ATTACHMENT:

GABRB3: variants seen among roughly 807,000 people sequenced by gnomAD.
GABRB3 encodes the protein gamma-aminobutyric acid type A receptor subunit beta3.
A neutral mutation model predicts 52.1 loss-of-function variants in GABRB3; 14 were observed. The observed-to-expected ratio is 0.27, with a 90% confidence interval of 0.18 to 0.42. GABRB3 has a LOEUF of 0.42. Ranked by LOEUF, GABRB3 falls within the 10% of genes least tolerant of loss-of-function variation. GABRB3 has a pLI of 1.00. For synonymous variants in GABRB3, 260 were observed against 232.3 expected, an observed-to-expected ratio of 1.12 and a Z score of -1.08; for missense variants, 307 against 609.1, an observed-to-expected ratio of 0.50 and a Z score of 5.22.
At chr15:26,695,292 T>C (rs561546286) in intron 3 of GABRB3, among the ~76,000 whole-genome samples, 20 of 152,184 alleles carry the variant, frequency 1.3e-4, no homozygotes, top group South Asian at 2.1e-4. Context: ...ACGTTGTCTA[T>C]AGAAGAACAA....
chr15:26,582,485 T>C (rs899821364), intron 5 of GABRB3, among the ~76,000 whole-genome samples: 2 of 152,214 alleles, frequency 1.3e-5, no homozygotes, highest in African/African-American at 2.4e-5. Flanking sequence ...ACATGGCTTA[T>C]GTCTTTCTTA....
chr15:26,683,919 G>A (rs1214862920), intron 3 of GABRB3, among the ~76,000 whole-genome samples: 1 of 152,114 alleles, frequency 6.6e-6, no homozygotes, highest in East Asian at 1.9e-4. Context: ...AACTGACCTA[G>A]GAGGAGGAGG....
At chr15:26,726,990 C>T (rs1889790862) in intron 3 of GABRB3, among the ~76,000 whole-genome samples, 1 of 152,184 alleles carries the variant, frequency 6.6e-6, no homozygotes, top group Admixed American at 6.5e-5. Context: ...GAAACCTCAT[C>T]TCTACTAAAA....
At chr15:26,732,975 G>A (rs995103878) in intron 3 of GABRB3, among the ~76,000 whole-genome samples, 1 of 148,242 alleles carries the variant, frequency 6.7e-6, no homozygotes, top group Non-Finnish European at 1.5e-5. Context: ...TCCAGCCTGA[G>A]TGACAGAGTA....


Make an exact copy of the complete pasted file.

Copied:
GABRB3: variants seen among roughly 807,000 people sequenced by gnomAD.
GABRB3 encodes the protein gamma-aminobutyric acid type A receptor subunit beta3.
A neutral mutation model predicts 52.1 loss-of-function variants in GABRB3; 14 were observed. The observed-to-expected ratio is 0.27, with a 90% confidence interval of 0.18 to 0.42. GABRB3 has a LOEUF of 0.42. Ranked by LOEUF, GABRB3 falls within the 10% of genes least tolerant of loss-of-function variation. GABRB3 has a pLI of 1.00. For synonymous variants in GABRB3, 260 were observed against 232.3 expected, an observed-to-expected ratio of 1.12 and a Z score of -1.08; for missense variants, 307 against 609.1, an observed-to-expected ratio of 0.50 and a Z score of 5.22.
At chr15:26,695,292 T>C (rs561546286) in intron 3 of GABRB3, among the ~76,000 whole-genome samples, 20 of 152,184 alleles carry the variant, frequency 1.3e-4, no homozygotes, top group South Asian at 2.1e-4. Context: ...ACGTTGTCTA[T>C]AGAAGAACAA....
chr15:26,582,485 T>C (rs899821364), intron 5 of GABRB3, among the ~76,000 whole-genome samples: 2 of 152,214 alleles, frequency 1.3e-5, no homozygotes, highest in African/African-American at 2.4e-5. Flanking sequence ...ACATGGCTTA[T>C]GTCTTTCTTA....
chr15:26,683,919 G>A (rs1214862920), intron 3 of GABRB3, among the ~76,000 whole-genome samples: 1 of 152,114 alleles, frequency 6.6e-6, no homozygotes, highest in East Asian at 1.9e-4. Context: ...AACTGACCTA[G>A]GAGGAGGAGG....
At chr15:26,726,990 C>T (rs1889790862) in intron 3 of GABRB3, among the ~76,000 whole-genome samples, 1 of 152,184 alleles carries the variant, frequency 6.6e-6, no homozygotes, top group Admixed American at 6.5e-5. Context: ...GAAACCTCAT[C>T]TCTACTAAAA....
At chr15:26,732,975 G>A (rs995103878) in intron 3 of GABRB3, among the ~76,000 whole-genome samples, 1 of 148,242 alleles carries the variant, frequency 6.7e-6, no homozygotes, top group Non-Finnish European at 1.5e-5. Context: ...TCCAGCCTGA[G>A]TGACAGAGTA....